Serendip is an independent site partnering with faculty at multiple colleges and universities around the world. Happy exploring!

Emergence, Week 6

Paul Grobstein's picture

Welcome to the on-line forum associated with the Biology 361 = Computer Science 361 at Bryn Mawr College. Its a way to keep conversations going between course meetings, and to do so in a way that makes our conversations available to other who may in turn have interesting thoughts to contribute to them. Leave whatever thoughts in progress you think might be useful to others, see what other people are thinking, and add thoughts that that in turn generates in you.

As always, you can leave whatever thoughts occurred to you this week. But if you need something to get you started ...

Reactons to Ways of Making Sense of the World ?  To the universe as a non-deterministic system?  To changing ways of modeling/doing research along those lines?

ssv's picture

Code from Today's Class

globals[ visited ]

to setup
crt 1

to go
ask turtles [ set pcolor yellow
rt random 360
fd 1]

to update
set visited count patches with [pcolor = yellow]
plotxy ticks (visited / ((2 * max-pxcor + 1) * (2 * max-pycor + 1 )) * 100)

ssv's picture


I agree with Evan above.  I like the idea of both approaches.  I've been thinking that either way we go (deterministic or non-deterministic), it just relies on the human and whether or not we can understand it or not.  Piecing it together is the hardest part for us, ultimately.  Where do those two different worlds/organizational patterns collide?   I really have been thinking/enjoy thinking in an abstract way.  I recall saying this a long time ago, probably when class first started, but sometimes the problem with humans is that we look too much into detail and less into the bigger picture, which I think requires greater understanding.  But now, I'm just running into more philosophy! :)  I do hope we talk more about this though.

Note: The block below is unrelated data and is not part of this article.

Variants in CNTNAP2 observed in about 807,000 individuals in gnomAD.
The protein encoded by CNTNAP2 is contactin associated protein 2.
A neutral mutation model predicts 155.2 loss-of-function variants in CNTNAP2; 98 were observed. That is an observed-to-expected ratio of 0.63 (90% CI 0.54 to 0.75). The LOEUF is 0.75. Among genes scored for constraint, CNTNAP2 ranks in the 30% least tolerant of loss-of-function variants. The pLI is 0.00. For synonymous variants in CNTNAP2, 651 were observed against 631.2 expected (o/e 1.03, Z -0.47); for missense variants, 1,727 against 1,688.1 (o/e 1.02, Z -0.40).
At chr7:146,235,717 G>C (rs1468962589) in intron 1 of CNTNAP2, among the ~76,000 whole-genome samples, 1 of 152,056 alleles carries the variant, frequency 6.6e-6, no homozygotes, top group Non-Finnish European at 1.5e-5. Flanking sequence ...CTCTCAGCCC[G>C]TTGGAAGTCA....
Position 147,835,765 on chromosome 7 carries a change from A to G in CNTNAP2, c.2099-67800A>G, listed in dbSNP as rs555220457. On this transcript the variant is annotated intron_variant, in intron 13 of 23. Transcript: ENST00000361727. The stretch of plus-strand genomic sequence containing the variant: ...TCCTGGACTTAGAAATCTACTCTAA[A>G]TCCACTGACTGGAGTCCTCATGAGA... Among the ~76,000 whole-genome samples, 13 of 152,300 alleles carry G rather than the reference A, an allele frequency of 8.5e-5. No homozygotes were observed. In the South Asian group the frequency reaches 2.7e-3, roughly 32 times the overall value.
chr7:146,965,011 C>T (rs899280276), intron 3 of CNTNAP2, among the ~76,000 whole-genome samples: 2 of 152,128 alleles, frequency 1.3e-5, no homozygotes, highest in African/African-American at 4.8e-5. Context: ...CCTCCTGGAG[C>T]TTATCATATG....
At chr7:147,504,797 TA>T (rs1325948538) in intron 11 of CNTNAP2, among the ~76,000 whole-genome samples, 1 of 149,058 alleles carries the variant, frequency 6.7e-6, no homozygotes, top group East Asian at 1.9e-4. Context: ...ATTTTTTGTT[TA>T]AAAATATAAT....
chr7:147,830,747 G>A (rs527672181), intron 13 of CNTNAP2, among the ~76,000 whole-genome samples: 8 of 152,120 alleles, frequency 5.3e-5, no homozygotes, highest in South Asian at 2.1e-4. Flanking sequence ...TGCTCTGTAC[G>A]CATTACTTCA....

evanstiegel's picture

I like the non-deterministic

I like the non-deterministic approach the most.  There are so many examples of randomness in science- more so I believe than ordered phenomena.  At first when observing the world around you, you might think that organization dominates.  But when you examine the essense of what we perceive as organized, these things are often based in random disorganized phenomena.  Like Kathy mentioned, what we perceive as random could in fact possess an inherent pattern that we can not process.  This can go both ways though.  What if something we perceive as organized is actually random.  Sounds absurd, but there is a huge gap between what actually is and what each unique human mind perceives as what is.  It has been mentioned that in the non-deterministic model that ordered phenomena can be a result of randomness. This can be true, but what if all organization is a temporary state in the process of becoming more random.  This is a bit all over the place, but some things I've been thinking about....
jguillen's picture

From our last class, I

From our last class, I found it very interesting to talk about the fact that there is a lot of incomputable stuff out there and that even though we are deeply impressed with deterministic systems, they can only do so much.